But it is not Hayley that gives its glory to Felpham. The glory of Felpham is that William Blake was happy there for nearly three years. It was at Felpham that he saw the fairy's funeral. "Did you ever see a fairy's funeral, ma'am?" he asked a visitor. "Never, sir!" "I have! . . . I was walking alone in my garden; there was great stillness among the branches and flowers, and more than common sweetness in the air; I heard a low and pleasant sound, and I knew not whence it came. At last I saw the broad leaf of a flower move, and underneath I saw a procession of creatures, of the size and colour of green and grey grasshoppers, bearing a body laid out on a rose-leaf, which they buried with songs, and then disappeared. It was a fairy's funeral!"

Blake settled at Felpham to be near Hayley, for whom he had a number of commissions to execute. He engraved illustrations to Hayley's works, and painted eighteen heads for Hayley's library—among them, Shakespeare, Homer, and Hayley himself; but all have vanished, the present owner knows not where.

In some verses which Blake addressed to Anna Flaxman, the wife of the sculptor, in September, 1800, a few days before moving from London to the Sussex coast, he says:—

           This song to the flower of Flaxman's joy;
           To the blossom of hope, for a sweet decoy;
           Do all that you can and all that you may
           To entice him to Felpham and far away.

           Away to sweet Felpham, for Heaven is there;
           The ladder of Angels descends through the air,
           On the turret its spiral does softly descend,
           Through the village then winds, at my cot it does end.

Blake's house still stands, a retired, thatched cottage, facing the sea, but some distance from it. In a letter to Flaxman a little later, he says, "Felpham is a sweet place for study, because it is more spiritual than London. Heaven opens here on all sides its golden gates; the windows are not obstructed by vapours; voices of celestial inhabitants are more distinctly heard, their forms more distinctly seen; and my cottage is also a shadow of their houses." Beside the sea Blake communed with the spirits of Dante and Homer, Milton and the Hebrew Prophets.

Blake's sojourn at Felpham ended in 1803. A grotesque and annoying incident marred its close, the story of which, as told by the poet in a letter to Mr. Butler, certainly belongs to the history of Sussex. It should, however, first be stated that an ex-soldier in the Royal Dragoons, named John Scholfield, had accused Blake of uttering seditious words. The letter runs:—"His enmity arises from my having turned him out of my garden, into which he was invited as an assistant by a gardener at work therein, without my knowledge that he was so invited. I desired him, as politely as possible, to go out of the garden; he made me an impertinent answer. I insisted on his leaving the garden; he refused. I still persisted in desiring his departure. He then threatened to knock out my eyes, with many abominable imprecations, and with some contempt for my person; it affronted my foolish pride. I therefore took him by the elbows, and pushed him before me until I had got him out. There I intended to have left him; but he, turning about, put himself into a posture of defiance, threatening and swearing at me. I, perhaps foolishly and perhaps not, stepped out at the gate, and, putting aside his blows, took him again by the elbows, and, keeping his back to me, pushed him forward down the road about fifty yards—he all the while endeavouring to turn round and strike me, and raging and cursing, which drew out several neighbours. At length when I had got him to where he was quartered, which was very quickly done, we were met at the gate by the master of the house—the Fox Inn—(who is the proprietor of my cottage) and his wife and daughter, and the man's comrade, and several other people. My landlord compelled the soldiers to go indoors, after many abusive threats against me and my wife from the two soldiers; but not one word of threat on account of sedition was uttered at that time."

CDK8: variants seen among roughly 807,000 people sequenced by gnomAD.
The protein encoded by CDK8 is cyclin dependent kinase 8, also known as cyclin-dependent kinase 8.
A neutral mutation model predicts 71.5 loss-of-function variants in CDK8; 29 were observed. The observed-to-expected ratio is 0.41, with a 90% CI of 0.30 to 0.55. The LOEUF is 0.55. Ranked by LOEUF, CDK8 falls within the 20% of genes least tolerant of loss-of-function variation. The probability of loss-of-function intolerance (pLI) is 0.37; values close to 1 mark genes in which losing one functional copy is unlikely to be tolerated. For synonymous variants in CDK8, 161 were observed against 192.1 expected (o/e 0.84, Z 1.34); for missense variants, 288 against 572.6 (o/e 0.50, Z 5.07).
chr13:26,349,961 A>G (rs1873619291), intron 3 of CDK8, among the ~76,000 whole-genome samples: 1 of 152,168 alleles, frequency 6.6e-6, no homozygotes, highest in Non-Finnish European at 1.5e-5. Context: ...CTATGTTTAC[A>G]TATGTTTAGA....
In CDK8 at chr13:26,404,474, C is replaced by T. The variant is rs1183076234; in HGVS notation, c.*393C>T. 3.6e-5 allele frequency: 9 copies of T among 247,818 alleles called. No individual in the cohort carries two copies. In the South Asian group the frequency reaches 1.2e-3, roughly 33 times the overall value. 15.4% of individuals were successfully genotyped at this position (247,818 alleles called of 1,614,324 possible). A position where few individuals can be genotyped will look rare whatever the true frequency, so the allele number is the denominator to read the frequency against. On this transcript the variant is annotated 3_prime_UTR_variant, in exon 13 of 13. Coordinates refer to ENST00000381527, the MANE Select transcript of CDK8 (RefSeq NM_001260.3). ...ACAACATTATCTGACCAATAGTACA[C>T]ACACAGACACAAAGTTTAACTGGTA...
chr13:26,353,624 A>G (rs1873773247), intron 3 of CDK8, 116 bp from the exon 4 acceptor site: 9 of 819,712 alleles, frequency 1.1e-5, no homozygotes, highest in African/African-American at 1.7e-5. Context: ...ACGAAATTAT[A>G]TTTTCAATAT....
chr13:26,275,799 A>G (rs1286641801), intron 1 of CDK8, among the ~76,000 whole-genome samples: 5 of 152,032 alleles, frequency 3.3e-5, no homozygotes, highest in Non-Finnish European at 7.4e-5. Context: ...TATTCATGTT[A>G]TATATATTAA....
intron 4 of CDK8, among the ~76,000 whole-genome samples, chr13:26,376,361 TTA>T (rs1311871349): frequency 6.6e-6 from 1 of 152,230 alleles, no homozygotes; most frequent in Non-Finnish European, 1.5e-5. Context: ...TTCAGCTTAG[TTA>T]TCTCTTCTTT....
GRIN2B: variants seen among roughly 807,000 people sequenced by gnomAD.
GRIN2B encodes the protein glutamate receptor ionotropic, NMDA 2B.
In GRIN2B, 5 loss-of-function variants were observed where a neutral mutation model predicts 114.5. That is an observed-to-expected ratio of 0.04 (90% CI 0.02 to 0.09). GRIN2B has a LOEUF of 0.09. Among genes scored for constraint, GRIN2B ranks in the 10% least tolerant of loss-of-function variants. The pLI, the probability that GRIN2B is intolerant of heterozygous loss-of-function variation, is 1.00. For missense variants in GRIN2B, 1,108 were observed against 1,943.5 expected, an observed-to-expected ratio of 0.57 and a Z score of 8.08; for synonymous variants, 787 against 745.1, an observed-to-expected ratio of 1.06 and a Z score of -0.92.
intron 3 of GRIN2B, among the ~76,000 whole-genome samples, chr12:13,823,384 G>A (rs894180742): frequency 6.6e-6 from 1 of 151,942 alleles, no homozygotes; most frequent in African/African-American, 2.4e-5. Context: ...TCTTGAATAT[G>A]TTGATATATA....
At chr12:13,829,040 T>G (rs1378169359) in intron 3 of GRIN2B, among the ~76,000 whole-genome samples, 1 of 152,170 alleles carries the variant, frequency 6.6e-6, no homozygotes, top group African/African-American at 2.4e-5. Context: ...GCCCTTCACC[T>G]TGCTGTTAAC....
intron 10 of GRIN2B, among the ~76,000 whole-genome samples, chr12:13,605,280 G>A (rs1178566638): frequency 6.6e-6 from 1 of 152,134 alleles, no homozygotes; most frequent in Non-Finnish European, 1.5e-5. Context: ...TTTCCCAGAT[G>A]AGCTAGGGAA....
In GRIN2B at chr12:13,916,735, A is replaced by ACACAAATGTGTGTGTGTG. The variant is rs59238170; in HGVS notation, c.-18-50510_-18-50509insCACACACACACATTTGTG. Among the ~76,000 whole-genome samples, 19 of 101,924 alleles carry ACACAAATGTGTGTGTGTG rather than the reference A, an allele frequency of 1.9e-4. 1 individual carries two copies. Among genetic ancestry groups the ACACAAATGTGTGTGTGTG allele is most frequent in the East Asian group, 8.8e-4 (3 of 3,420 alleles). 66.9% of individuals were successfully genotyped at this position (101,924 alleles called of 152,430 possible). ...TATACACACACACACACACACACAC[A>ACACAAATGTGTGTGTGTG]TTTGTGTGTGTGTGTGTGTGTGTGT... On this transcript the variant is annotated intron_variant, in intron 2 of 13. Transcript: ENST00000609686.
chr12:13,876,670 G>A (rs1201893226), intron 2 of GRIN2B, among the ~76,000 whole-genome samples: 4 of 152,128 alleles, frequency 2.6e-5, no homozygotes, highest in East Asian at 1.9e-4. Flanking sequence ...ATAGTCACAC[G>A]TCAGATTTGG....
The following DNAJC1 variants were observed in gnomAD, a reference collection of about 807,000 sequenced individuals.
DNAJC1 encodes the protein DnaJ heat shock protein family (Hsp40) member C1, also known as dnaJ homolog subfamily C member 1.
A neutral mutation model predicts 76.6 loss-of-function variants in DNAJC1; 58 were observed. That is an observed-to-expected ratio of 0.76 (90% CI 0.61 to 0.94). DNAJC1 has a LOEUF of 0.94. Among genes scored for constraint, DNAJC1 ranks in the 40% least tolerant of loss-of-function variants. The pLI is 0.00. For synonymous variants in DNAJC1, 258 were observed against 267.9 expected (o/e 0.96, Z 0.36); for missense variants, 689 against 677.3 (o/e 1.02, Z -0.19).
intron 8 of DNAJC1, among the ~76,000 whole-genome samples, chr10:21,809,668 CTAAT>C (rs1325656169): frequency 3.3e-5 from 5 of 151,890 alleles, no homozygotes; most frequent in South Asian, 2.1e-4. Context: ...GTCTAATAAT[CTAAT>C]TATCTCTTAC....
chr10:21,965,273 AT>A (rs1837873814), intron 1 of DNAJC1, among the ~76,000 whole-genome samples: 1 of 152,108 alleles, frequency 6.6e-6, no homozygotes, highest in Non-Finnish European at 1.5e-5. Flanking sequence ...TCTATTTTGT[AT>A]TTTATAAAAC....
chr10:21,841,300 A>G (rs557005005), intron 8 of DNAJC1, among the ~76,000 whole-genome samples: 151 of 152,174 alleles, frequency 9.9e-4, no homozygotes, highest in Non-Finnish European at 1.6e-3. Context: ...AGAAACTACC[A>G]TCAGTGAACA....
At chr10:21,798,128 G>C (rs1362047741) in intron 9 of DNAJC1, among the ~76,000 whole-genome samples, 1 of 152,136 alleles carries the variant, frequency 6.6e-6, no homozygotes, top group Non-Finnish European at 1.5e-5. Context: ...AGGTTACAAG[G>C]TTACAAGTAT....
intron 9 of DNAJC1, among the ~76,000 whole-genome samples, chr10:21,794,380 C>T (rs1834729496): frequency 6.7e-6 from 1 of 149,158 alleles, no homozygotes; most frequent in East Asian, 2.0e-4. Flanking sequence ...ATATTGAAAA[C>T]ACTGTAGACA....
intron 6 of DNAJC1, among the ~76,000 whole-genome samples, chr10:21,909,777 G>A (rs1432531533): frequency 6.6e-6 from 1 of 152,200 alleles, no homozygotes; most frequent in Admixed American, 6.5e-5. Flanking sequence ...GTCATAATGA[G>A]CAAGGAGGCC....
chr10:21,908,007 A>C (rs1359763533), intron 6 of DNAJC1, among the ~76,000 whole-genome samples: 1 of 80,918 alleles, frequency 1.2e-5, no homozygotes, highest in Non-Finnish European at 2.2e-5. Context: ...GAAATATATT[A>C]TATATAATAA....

As a result, Blake was haled before the magistrates and committed for trial. The trial was held in the Guildhall at Chichester, on January 11th, 1804. Hayley, in spite of having been thrown from his horse on a flint with, says Gilchrist, Blake's biographer, "more than usual violence" was in attendance to swear to the poet's character, and Cowper's friend Rose, a clever barrister, had been retained. According to the report in the County paper, "William Blake, an engraver at Felpham, was tried on a charge exhibited against him by two soldiers for having uttered seditious and treasonable expressions, such as 'd——n the king, d——n all his subjects, d——n his soldiers, they are all slaves; when Buonaparte comes, it will be cut-throat for cut-throat, and the weakest must go to the wall; I will help him; &c., &c.'" Blake electrified the court by calling out "False!" in the midst of the military evidence, the invented character of which was, however, so obvious that an acquittal resulted. "In defiance of all decency," the spectators cheered, and Hayley carried off the sturdy Republican (as he was at heart) to Mid Lavant, to sup at Mrs. Poole's.

Mr. Gilchrist found an old fellow who had been present at the trial, drawn thither by the promise of seeing the great man of the neighbourhood, Mr. Hayley. All that he could remember was Blake's flashing eye.

The Fox Inn, by the way, is still as it was, but the custom, I fancy, goes more to the Thatched House, which adds to the charms of refreshment a museum containing such treasures as a petrified cocoanut, the skeleton of a lobster twenty-eight years old, and a representation of Moses in the bulrushes.

A third and fourth great man, of a different type both from Hayley and Blake, met at Felpham in 1819. One was Cyril Jackson, Dean of Christ Church, who, lying on his death-bed in the Manor House, was visited by the other—his old pupil, the First Gentleman in Europe.

  1. The Sussex provincial name for the whimbrel.